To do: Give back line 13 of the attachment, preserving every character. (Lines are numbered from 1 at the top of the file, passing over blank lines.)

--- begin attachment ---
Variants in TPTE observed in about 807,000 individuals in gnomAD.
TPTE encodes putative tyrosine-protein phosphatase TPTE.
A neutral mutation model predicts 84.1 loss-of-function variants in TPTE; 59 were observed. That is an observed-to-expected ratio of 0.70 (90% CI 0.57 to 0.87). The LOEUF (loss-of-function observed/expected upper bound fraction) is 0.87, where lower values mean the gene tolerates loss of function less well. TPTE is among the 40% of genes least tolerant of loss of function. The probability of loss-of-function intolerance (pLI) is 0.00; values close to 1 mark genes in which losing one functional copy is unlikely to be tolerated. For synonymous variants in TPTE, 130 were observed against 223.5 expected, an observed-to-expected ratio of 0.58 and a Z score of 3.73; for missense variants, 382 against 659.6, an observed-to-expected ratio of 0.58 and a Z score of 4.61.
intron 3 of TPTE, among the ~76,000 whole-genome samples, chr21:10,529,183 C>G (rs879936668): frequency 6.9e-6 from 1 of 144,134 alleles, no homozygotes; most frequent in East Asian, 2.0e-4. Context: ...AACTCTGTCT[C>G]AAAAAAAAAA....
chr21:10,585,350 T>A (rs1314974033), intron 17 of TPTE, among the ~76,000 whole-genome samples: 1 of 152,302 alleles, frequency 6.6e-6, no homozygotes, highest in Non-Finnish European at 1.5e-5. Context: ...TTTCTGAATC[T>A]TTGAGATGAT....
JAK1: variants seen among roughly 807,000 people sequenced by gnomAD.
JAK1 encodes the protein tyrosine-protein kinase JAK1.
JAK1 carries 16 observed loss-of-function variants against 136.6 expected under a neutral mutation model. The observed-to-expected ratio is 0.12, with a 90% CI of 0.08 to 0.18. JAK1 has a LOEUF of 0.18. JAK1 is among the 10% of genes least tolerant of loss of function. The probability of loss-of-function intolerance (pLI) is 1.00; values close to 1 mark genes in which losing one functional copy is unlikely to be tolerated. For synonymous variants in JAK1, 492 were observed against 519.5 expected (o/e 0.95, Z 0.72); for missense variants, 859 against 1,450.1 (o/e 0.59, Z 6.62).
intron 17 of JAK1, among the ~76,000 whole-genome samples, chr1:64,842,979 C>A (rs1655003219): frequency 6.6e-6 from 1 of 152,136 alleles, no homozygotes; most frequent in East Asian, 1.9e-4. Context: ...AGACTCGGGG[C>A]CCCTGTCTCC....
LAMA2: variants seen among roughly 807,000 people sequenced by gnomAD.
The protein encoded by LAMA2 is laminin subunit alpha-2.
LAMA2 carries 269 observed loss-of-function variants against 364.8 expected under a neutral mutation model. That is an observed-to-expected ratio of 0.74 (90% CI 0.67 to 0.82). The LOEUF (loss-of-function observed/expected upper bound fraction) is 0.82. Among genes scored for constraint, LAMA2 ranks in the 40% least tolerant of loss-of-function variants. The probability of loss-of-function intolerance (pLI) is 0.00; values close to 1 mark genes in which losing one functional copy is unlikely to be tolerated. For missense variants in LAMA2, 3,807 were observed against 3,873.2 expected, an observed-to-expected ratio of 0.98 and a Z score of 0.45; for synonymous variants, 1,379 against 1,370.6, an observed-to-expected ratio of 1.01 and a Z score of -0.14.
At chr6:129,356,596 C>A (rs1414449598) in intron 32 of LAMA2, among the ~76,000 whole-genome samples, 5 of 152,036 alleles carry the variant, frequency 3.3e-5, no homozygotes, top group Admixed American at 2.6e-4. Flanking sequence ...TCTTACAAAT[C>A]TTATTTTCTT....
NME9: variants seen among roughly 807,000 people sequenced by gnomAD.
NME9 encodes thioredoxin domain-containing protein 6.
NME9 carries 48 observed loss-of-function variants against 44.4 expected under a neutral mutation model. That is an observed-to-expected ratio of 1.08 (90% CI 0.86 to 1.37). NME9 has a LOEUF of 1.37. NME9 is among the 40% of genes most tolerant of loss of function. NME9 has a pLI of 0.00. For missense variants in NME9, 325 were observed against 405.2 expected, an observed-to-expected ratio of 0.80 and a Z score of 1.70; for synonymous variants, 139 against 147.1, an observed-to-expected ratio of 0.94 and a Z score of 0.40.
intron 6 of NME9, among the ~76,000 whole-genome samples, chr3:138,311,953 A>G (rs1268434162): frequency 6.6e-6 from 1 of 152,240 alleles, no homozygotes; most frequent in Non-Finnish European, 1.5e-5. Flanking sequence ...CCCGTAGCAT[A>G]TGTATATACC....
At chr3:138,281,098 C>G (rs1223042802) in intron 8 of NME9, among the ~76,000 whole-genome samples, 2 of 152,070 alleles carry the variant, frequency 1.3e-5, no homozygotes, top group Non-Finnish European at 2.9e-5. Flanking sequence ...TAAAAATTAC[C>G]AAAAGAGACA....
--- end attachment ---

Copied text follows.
At chr6:129,356,596 C>A (rs1414449598) in intron 32 of LAMA2, among the ~76,000 whole-genome samples, 5 of 152,036 alleles carry the variant, frequency 3.3e-5, no homozygotes, top group Admixed American at 2.6e-4. Flanking sequence ...TCTTACAAAT[C>A]TTATTTTCTT....